Assuntos
Ponte Cardiopulmonar/métodos , Eletrocoagulação/efeitos adversos , Esternotomia/métodos , Traqueia/lesões , Humanos , Intubação Intratraqueal/métodos , Masculino , Pessoa de Meia-Idade
9.
J Infect Dis ; 218(6): 901-910, 2018 08 14.
Artigo em Inglês | MEDLINE | ID: mdl-29688496

RESUMO

Filoviruses, including Ebola, have the potential to be transmitted via virus-laden droplets deposited onto mucus membranes. Protecting against such emerging pathogens will require understanding how they may transmit at mucosal surfaces and developing strategies to reinforce the airway mucus barrier. Here, we prepared Ebola pseudovirus (with Zaire strain glycoproteins) and used high-resolution multiple-particle tracking to track the motions of hundreds of individual pseudoviruses in fresh and undiluted human airway mucus isolated from extubated endotracheal tubes. We found that Ebola pseudovirus readily penetrates human airway mucus. Addition of ZMapp, a cocktail of Ebola-binding immunoglobulin G antibodies, effectively reduced mobility of Ebola pseudovirus in the same mucus secretions. Topical delivery of ZMapp to the mouse airways also facilitated rapid elimination of Ebola pseudovirus. Our work demonstrates that antibodies can immobilize virions in airway mucus and reduce access to the airway epithelium, highlighting topical delivery of pathogen-specific antibodies to the lungs as a potential prophylactic or therapeutic approach against emerging viruses or biowarfare agents.


Assuntos
Anticorpos Monoclonais/farmacologia , Ebolavirus/fisiologia , Traqueia/virologia , Administração Tópica , Extubação/instrumentação , Animais , Células Cultivadas , Ebolavirus/efeitos dos fármacos , Ebolavirus/isolamento & purificação , Células Epiteliais/citologia , Células Epiteliais/imunologia , Células Epiteliais/virologia , Contaminação de Equipamentos , Humanos , Camundongos , Traqueia/citologia , Traqueia/imunologia
14.
J Cardiothorac Vasc Anesth ; 32(2): 915-927, 2018 04.
Artigo em Inglês | MEDLINE | ID: mdl-29169795

RESUMO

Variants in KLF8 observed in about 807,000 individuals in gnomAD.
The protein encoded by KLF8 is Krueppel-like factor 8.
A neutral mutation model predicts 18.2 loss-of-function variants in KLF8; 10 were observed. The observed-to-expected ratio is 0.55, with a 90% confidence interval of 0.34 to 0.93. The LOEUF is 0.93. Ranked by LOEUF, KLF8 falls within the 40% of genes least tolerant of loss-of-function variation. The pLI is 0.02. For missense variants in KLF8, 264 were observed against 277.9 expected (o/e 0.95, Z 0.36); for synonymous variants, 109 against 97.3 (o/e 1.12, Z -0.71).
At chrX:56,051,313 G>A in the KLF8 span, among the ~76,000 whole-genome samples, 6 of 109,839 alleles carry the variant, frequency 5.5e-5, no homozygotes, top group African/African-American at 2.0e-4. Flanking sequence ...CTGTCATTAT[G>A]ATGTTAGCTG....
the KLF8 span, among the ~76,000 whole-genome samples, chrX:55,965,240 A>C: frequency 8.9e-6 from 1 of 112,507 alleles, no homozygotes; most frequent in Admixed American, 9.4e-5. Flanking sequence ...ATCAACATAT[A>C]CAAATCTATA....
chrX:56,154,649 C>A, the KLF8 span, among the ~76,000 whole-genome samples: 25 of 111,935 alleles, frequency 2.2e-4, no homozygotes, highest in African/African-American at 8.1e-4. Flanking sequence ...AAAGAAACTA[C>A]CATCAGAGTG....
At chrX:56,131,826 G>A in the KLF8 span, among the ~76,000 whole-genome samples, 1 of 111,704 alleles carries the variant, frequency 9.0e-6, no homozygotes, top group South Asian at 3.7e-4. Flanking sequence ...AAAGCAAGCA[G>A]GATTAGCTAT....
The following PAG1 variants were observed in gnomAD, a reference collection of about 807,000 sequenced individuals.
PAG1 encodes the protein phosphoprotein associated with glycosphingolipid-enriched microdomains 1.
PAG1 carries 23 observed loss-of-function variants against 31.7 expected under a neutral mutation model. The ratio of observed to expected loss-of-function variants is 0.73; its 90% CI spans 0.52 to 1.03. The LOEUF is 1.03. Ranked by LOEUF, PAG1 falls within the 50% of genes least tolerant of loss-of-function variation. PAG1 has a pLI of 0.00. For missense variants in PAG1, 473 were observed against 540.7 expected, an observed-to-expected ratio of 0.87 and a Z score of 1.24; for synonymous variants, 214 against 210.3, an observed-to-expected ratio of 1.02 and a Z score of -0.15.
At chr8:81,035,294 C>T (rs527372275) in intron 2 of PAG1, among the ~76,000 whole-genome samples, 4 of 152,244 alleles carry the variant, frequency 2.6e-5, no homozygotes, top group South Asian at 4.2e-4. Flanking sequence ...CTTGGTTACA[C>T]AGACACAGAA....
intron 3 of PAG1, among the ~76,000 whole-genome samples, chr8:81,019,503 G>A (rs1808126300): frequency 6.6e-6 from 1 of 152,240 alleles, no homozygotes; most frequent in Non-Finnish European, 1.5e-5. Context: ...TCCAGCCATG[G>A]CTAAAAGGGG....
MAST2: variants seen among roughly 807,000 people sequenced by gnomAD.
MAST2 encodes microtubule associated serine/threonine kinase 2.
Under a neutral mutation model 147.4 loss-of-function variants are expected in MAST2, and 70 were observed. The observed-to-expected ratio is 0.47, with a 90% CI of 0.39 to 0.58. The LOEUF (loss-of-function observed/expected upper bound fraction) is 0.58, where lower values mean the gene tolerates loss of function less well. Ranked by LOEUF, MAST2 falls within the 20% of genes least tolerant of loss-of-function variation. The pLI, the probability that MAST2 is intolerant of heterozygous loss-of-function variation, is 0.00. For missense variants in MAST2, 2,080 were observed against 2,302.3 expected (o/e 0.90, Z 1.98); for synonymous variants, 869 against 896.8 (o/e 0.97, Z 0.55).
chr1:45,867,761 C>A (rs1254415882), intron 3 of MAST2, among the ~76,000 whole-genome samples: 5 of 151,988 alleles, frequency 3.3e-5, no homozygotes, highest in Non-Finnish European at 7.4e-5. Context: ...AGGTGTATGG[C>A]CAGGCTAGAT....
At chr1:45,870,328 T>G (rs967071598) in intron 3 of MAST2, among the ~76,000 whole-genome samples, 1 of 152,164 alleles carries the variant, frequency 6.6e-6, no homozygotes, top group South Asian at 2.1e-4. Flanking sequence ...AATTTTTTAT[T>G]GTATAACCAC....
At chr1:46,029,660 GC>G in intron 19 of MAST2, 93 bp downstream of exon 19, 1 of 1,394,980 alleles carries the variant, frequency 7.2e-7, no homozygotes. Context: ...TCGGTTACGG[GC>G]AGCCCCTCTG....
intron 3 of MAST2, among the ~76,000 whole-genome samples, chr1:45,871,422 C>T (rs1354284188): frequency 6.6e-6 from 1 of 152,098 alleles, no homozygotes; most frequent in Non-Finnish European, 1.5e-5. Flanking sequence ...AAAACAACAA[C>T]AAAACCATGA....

Local anesthetic injected into a wedge-shaped space lateral to the spinal nerves as they emerge from the intervertebral foramina produces somatosensory and sympathetic nerve blockade effective for anesthesia and for managing pain of unilateral origin from the chest and abdomen. Paravertebral blockade (PVB) is versatile and may be applied unilaterally or bilaterally. Unlike thoracic epidural, the PVB technique may be used to avoid contralateral sympathectomy, thereby minimizing hypotension and leading to better preservation of blood pressure. There are no reports on systemic toxicity associated with bilateral PVB despite the need for relatively large doses of local anesthetics. This review includes an important historic background and captures the resurgence of PVB-an almost lost technique. Thoracic PVB provides post-thoracotomy pain relief comparable with thoracic epidural analgesia (TEA) with lower side effects supported by moderate-quality evidence. The feasibility and potential of bilateral thoracic PVB for bilateral thoracic surgery appear practical. However, there is existing controversy in the assumption that thoracic PVB is a satisfactory, safer alternative when anticoagulation status is a contraindication to thoracic epidural placement. During the last 2 decades of systematic reviews and meta-analyses, both TEA and PVB have been deemed appropriate in the management of thoracic surgery. A multimodal approach to analgesia includes regional techniques for thoracic surgery that may reduce the likelihood of the development of postoperative complications and chronic pain. PURPOSE OF THIS REVIEW: The authors evaluated current opinion, clinical practice, new multimodal adjuvants, regional anesthesia, and innovation and technology related PVB in the thoracic surgery patient population. The review focuses on history, techniques, application, ease of placement, and relative safety of this regional technique. For this review, studies and reference lists were retrieved from the Cochrane library, Embase, and Medline from January 1995 through January 2017. SUMMARY: Existing evidence demonstrates noninferiority of thoracic PVB compared with TEA for postoperative analgesia, with fewer side effects for unilateral and bilateral thoracic surgery, including video-assisted thoracoscopy. The determining factors in selecting the regional technique of choice include the following: (1) tolerance of side effects associated with TEA, (2) consensus on best practice or technique, and (3) operator experience. There is no consensus on the optimal approach for thoracic PVB technique or any standardization when comparing the landmark, ultrasound-guided, or stimulation-based PVB approaches. Moreover, the efficacy of TEA compared with PVB in preventing post-thoracotomy chronic pain syndrome has not been investigated thoroughly and requires future clinical trials.